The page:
The truth is, if we could have small light easy to ride MX/2 stroke bikes to ride in the stuff we do....we would..and we'd save the WR for the easier riding dual sport trips. But, we need the bikes to be legal, do it all bikes, and take care of us on the trial, but then do just as well when we have to jump on the highway and have the same bike get us the 50 miles home.
__________________
Skyline Drive 11/2010 , Catskills 2010 trip, Catskills 2011 , Southern TNJT, 2011
DougZ's MTB thread , DZ Moto Photo Bloggin' , (my) Learning photography thread, DougZ vids
- Ryder Joseph Z. , Born 11/26/12-- the next Adventure: Grayson Hunter Z., born 5/3/14
DougZ73 is offline   Reply With Quote
Old 10-17-2011, 12:56 PM   #25123
onetravdown
I can't ride where?
 
onetravdown's Avatar
 
Joined: Jul 2007
Location: The garbage state
Oddometer: 883
Quote:
Originally Posted by The Breeze View Post
I think that this whole tank size/weight issue is a matter of perspective....If you're coming from a 650cc dual sport bike (which I was) or bigger, the WR with a 4.7 gallon tank seems really lightweight, small, and nimble..... If you're coming from a 250cc, full on dirt bike, and ride primarily single track, then the WR with a 4.7 gallon tank seems big, bulky, and heavy.
Sure, everything is subjective. But I came off a DRZ400s and an XR650L with a 5 gallon tank.

Quote:
Originally Posted by Pantah View Post
Is there really that much sloshing going on in those winged tanks? I have a Safari and the wings are pretty thin. The only place there seems to be enough volume for sloshing is the top where the stock fuel cell would sit.

Seems a bigger concern than an actual problem.
Yes! The IMS wings are huge and the fuel sloshes really bad. Enough that you are trying to get the bike to go one direction and it wants to go another. The Safari tank does not slosh nearly as bad as the IMS. The first ride I had with it, I was noticeable faster with less work and was more in control the entire ride. And I wasn't last.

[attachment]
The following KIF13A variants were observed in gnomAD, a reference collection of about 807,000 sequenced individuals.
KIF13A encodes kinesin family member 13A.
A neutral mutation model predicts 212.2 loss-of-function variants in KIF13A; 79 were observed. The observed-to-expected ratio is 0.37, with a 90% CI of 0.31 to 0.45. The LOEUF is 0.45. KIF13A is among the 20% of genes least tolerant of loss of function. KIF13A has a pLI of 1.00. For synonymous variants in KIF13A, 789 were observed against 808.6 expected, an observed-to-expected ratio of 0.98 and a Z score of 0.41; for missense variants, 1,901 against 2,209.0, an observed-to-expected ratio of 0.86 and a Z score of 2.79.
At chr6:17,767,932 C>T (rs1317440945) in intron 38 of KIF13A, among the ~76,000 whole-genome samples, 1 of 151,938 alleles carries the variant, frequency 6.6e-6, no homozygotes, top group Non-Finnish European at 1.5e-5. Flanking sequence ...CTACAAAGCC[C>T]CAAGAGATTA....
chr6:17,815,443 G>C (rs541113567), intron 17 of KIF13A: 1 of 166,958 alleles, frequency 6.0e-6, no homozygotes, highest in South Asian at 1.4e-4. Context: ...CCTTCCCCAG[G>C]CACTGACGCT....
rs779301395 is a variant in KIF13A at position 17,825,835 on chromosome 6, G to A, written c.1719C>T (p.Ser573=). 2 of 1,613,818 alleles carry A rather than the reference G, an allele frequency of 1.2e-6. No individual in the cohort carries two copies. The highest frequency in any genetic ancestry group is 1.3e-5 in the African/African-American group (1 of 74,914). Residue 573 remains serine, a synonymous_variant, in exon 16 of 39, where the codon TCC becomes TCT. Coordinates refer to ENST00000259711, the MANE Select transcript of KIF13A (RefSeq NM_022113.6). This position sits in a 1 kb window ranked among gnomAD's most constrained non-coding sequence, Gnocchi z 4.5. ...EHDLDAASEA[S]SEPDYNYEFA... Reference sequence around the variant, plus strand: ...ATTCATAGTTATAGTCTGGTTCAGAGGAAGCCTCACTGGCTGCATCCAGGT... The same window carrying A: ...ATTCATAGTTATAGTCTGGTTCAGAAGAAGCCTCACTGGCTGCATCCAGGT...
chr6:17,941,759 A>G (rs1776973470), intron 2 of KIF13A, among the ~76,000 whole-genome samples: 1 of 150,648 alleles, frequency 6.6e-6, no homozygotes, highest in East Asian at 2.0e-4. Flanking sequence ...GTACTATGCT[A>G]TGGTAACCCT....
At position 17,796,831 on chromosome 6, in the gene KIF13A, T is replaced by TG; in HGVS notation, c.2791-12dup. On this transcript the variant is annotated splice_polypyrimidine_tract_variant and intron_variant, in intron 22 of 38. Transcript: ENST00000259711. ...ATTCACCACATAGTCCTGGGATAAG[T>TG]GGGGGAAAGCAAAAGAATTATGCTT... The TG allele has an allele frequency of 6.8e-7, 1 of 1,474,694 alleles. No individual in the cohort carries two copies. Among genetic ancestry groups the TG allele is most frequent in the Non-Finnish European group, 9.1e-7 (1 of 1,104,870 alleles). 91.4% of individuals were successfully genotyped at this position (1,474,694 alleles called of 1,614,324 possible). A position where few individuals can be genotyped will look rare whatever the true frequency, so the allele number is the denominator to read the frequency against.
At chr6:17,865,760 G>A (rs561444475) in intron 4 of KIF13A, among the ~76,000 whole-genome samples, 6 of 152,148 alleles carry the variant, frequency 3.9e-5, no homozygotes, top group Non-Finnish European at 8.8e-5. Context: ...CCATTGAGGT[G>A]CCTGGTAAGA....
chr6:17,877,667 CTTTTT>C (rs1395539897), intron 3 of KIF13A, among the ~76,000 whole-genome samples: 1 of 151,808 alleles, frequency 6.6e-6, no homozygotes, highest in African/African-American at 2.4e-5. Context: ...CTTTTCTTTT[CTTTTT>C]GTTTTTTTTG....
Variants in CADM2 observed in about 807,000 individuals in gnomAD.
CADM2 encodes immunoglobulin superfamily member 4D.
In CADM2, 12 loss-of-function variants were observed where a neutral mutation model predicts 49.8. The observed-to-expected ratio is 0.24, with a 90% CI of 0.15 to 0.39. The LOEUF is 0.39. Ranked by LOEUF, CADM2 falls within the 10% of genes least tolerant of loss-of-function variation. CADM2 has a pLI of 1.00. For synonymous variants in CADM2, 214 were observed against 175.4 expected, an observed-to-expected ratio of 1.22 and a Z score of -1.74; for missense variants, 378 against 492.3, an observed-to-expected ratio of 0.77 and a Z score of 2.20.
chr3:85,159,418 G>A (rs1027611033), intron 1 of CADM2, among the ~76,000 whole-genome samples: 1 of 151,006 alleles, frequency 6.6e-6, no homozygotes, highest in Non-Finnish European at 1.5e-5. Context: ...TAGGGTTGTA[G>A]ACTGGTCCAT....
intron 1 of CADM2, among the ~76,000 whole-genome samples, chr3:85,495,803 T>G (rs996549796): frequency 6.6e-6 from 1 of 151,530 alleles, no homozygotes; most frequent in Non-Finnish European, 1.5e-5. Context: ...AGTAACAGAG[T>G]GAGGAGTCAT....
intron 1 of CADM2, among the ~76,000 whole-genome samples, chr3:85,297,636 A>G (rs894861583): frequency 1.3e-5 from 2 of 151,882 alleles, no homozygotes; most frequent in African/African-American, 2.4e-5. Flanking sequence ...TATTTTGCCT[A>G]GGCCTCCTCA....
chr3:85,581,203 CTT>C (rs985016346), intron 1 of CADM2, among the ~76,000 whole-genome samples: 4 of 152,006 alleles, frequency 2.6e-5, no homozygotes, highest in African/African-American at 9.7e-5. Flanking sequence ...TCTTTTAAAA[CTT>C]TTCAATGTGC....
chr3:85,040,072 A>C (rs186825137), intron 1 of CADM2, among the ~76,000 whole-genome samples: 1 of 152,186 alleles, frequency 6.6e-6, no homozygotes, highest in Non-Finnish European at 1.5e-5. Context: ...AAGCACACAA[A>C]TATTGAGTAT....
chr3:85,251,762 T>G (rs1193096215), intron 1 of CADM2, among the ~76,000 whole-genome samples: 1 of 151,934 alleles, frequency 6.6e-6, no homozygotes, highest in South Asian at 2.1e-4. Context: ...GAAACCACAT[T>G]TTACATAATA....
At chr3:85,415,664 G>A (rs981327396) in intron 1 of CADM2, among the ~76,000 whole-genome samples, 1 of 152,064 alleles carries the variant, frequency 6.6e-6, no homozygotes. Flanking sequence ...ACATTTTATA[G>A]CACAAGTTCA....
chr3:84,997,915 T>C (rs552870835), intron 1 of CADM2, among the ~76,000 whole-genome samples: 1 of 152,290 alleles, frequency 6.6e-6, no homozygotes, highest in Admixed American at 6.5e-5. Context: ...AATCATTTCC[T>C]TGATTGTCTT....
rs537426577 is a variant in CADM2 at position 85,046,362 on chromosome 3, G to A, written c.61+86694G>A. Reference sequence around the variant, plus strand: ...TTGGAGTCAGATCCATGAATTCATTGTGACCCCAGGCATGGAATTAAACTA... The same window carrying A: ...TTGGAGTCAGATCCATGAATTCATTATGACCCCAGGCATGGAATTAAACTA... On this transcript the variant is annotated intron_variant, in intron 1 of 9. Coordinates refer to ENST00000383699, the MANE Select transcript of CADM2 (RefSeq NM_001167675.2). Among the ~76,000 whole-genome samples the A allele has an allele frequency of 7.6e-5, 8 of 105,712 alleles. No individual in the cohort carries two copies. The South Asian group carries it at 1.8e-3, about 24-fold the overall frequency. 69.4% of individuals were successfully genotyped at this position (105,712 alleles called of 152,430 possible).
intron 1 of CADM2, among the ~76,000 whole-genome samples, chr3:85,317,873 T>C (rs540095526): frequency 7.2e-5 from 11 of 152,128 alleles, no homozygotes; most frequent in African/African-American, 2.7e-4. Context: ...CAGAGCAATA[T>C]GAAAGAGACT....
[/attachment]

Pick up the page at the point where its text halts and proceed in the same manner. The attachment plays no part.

Here's a side by side comparison I did a while back of the two tanks to give everyone an idea. Not like most of you don't already know.
onetravdown is offline   Reply With Quote
Old 10-17-2011, 01:50 PM   #25124
Pantah
Red Sox Nation
 
Pantah's Avatar
 
Joined: Oct 2004
Location: India Wharf
Oddometer: 10,071
Picture is worth a lot of words...

Still doesn't seem like much volume for sloshing, but I can see now why I don't notice on my Safari. Plus that fact that I'm clearly in the 95% group. It wasn't always that way...

Thanks for pics.


Quote:
Originally Posted by trav72 View Post
Sure, everything is subjective. But I came off a DRZ400s and an XR650L with a 5 gallon tank.



Yes! The IMS wings are huge and the fuel sloshes really bad. Enough that you are trying to get the bike to go one direction and it wants to go another. The Safari tank does not slosh nearly as bad as the IMS. The first ride I had with it, I was noticeable faster with less work and was more in control the entire ride. And I wasn't last.

Here's a side by side comparison I did a while back of the two tanks to give everyone an idea. Not like most of you don't already know.
__________________
Straight ahead and faster -Bo Weaver 1970
"There I was..." -Griffin Niner Three Hotel
"One day closer to a parade..." Jonny Gomes, spring training 2013
Pantah is offline   Reply With Quote
Old 10-17-2011, 04:32 PM   #25125
HighFive
Never Tap-Out
 
HighFive's Avatar
 
Joined: Nov 2006
Location: Okiehoma
Oddometer: 2,636
Quote:
Originally Posted by trav72 View Post


I think you've got to ride faster to stay ahead of the Slosh Curve. Like the Power Curve in aviation, its just no fun falling behind it.

You'll know when you're ahead of the curve when you don't have time to think about the Slosh anymore. Cause its just too far down the priority tree (you don't have time to think about it). If you survive a ride like that, then you are probably stupid fast.

HF

p.s. emphasis on stupid
__________________
'13 Husky TR650 Terra, '11 Husaberg FE390, '10 BMW F800GS, '12 BMW R1200GS
Terra-izing the CDR Bergs Over the Rainbow Texas or Bust!
Rocky Mountain HighFive The Other Side of Nowhere
Athena Big Bore Project WRRDualsport.com
HighFive is offline   Reply With Quote
Reply

Share

Thread Tools Search this Thread
Search this Thread:

.
Display Modes

Posting Rules
You may not post new threads
You may not post replies
You may not post attachments
You may not edit your posts

BB code is On
Smilies are On
[IMG] code is On
HTML code is On

Forum Jump


Times are GMT -7.   It's 03:19 PM.


Powered by vBulletin® Version 3.8.5
Copyright ©2000 - 2014, Jelsoft Enterprises Ltd.
Copyright ADVrider 2011-2014